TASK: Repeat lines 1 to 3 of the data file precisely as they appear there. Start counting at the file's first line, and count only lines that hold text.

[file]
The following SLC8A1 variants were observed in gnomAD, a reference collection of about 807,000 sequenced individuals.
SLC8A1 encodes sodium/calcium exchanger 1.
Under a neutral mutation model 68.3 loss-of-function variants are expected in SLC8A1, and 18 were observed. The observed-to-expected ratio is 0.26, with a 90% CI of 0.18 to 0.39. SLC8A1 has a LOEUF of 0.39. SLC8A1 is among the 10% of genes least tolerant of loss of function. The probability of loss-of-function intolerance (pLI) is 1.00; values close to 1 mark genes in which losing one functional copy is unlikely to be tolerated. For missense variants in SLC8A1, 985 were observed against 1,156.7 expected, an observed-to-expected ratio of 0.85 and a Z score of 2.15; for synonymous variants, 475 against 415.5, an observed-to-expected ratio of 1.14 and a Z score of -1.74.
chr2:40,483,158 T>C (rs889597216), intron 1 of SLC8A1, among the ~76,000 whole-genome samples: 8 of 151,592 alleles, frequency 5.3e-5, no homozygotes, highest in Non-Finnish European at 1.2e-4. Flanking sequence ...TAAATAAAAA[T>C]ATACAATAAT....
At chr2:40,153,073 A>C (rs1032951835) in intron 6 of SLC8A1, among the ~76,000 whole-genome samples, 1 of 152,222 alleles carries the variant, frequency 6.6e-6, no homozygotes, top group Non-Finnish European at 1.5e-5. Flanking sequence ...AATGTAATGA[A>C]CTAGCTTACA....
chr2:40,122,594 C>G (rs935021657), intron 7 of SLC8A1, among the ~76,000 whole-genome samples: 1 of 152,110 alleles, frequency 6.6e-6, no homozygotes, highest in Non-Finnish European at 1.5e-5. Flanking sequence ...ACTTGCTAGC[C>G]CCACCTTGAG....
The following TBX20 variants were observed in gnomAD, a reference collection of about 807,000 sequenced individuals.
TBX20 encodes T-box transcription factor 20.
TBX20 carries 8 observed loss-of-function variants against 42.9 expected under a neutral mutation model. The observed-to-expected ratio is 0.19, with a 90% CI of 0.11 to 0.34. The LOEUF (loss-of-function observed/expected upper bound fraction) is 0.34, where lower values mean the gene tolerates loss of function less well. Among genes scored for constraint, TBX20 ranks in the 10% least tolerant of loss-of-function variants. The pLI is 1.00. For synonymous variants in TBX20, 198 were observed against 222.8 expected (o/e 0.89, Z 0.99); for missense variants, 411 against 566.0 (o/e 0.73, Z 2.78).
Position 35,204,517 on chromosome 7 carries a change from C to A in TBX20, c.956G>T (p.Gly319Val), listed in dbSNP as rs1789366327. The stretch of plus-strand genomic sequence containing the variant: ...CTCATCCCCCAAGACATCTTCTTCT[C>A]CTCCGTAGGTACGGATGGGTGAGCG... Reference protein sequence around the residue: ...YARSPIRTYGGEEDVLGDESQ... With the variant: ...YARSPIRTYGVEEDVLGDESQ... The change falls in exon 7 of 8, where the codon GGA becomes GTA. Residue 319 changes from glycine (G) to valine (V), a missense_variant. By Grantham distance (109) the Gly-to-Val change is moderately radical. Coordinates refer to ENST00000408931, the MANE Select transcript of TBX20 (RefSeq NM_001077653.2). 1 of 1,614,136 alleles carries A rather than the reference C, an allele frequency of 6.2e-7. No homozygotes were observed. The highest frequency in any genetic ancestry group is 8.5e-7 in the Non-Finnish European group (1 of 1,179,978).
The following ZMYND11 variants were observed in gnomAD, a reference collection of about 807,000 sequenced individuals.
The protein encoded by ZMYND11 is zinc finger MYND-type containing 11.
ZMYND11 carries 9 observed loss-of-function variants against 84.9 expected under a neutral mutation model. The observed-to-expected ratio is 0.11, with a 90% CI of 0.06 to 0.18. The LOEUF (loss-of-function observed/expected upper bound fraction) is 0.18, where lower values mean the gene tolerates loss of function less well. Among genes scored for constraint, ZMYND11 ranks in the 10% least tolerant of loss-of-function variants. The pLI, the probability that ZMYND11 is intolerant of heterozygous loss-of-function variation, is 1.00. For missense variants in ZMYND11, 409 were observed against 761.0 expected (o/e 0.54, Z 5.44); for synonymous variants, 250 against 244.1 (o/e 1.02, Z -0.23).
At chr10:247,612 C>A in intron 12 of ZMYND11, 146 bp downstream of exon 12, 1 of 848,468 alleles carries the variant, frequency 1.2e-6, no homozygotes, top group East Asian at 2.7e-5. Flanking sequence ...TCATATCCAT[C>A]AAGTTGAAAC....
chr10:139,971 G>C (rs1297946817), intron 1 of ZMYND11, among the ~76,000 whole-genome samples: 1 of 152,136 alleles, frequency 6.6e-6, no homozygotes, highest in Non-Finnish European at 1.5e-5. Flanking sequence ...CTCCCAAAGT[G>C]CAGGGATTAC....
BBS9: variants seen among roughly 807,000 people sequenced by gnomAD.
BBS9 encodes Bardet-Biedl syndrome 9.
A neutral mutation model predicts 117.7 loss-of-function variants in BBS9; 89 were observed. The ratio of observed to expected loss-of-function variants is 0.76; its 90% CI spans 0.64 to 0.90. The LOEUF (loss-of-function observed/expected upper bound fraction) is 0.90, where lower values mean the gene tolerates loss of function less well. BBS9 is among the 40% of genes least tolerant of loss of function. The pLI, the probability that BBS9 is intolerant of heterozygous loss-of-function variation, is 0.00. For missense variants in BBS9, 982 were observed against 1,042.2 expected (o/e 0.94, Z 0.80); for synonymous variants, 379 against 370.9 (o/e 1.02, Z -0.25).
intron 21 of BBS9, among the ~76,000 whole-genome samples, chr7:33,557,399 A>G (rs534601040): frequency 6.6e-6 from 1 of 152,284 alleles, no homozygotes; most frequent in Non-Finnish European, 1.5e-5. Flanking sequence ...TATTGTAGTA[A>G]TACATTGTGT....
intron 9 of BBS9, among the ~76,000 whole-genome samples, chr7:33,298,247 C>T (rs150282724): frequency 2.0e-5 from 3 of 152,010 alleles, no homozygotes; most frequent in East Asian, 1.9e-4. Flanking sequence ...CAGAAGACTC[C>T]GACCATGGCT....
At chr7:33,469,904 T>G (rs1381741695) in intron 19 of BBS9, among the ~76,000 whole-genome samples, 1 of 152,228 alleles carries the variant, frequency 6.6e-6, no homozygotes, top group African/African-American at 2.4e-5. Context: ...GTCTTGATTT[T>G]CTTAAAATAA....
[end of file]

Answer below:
The following SLC8A1 variants were observed in gnomAD, a reference collection of about 807,000 sequenced individuals.
SLC8A1 encodes sodium/calcium exchanger 1.
Under a neutral mutation model 68.3 loss-of-function variants are expected in SLC8A1, and 18 were observed. The observed-to-expected ratio is 0.26, with a 90% CI of 0.18 to 0.39. SLC8A1 has a LOEUF of 0.39. SLC8A1 is among the 10% of genes least tolerant of loss of function. The probability of loss-of-function intolerance (pLI) is 1.00; values close to 1 mark genes in which losing one functional copy is unlikely to be tolerated. For missense variants in SLC8A1, 985 were observed against 1,156.7 expected, an observed-to-expected ratio of 0.85 and a Z score of 2.15; for synonymous variants, 475 against 415.5, an observed-to-expected ratio of 1.14 and a Z score of -1.74.